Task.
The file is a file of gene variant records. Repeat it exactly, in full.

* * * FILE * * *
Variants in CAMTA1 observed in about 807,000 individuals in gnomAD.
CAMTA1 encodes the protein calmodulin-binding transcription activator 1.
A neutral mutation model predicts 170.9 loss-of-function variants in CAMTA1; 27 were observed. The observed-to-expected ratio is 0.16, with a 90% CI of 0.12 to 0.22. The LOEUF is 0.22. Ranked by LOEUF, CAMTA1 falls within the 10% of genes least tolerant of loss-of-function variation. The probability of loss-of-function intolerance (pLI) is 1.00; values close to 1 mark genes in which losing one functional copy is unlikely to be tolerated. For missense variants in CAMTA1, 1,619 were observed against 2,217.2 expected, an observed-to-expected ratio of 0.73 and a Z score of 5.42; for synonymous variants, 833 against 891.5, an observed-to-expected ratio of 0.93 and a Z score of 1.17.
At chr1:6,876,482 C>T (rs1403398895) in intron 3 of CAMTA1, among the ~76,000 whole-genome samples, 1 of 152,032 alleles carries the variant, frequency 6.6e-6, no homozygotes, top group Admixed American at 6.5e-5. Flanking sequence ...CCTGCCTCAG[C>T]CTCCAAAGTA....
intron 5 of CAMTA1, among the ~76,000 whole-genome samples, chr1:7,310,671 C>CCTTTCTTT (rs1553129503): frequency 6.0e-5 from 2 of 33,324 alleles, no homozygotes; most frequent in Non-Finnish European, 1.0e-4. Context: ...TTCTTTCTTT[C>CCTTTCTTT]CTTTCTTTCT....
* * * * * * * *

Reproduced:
Variants in CAMTA1 observed in about 807,000 individuals in gnomAD.
CAMTA1 encodes the protein calmodulin-binding transcription activator 1.
A neutral mutation model predicts 170.9 loss-of-function variants in CAMTA1; 27 were observed. The observed-to-expected ratio is 0.16, with a 90% CI of 0.12 to 0.22. The LOEUF is 0.22. Ranked by LOEUF, CAMTA1 falls within the 10% of genes least tolerant of loss-of-function variation. The probability of loss-of-function intolerance (pLI) is 1.00; values close to 1 mark genes in which losing one functional copy is unlikely to be tolerated. For missense variants in CAMTA1, 1,619 were observed against 2,217.2 expected, an observed-to-expected ratio of 0.73 and a Z score of 5.42; for synonymous variants, 833 against 891.5, an observed-to-expected ratio of 0.93 and a Z score of 1.17.
At chr1:6,876,482 C>T (rs1403398895) in intron 3 of CAMTA1, among the ~76,000 whole-genome samples, 1 of 152,032 alleles carries the variant, frequency 6.6e-6, no homozygotes, top group Admixed American at 6.5e-5. Flanking sequence ...CCTGCCTCAG[C>T]CTCCAAAGTA....
intron 5 of CAMTA1, among the ~76,000 whole-genome samples, chr1:7,310,671 C>CCTTTCTTT (rs1553129503): frequency 6.0e-5 from 2 of 33,324 alleles, no homozygotes; most frequent in Non-Finnish European, 1.0e-4. Context: ...TTCTTTCTTT[C>CCTTTCTTT]CTTTCTTTCT....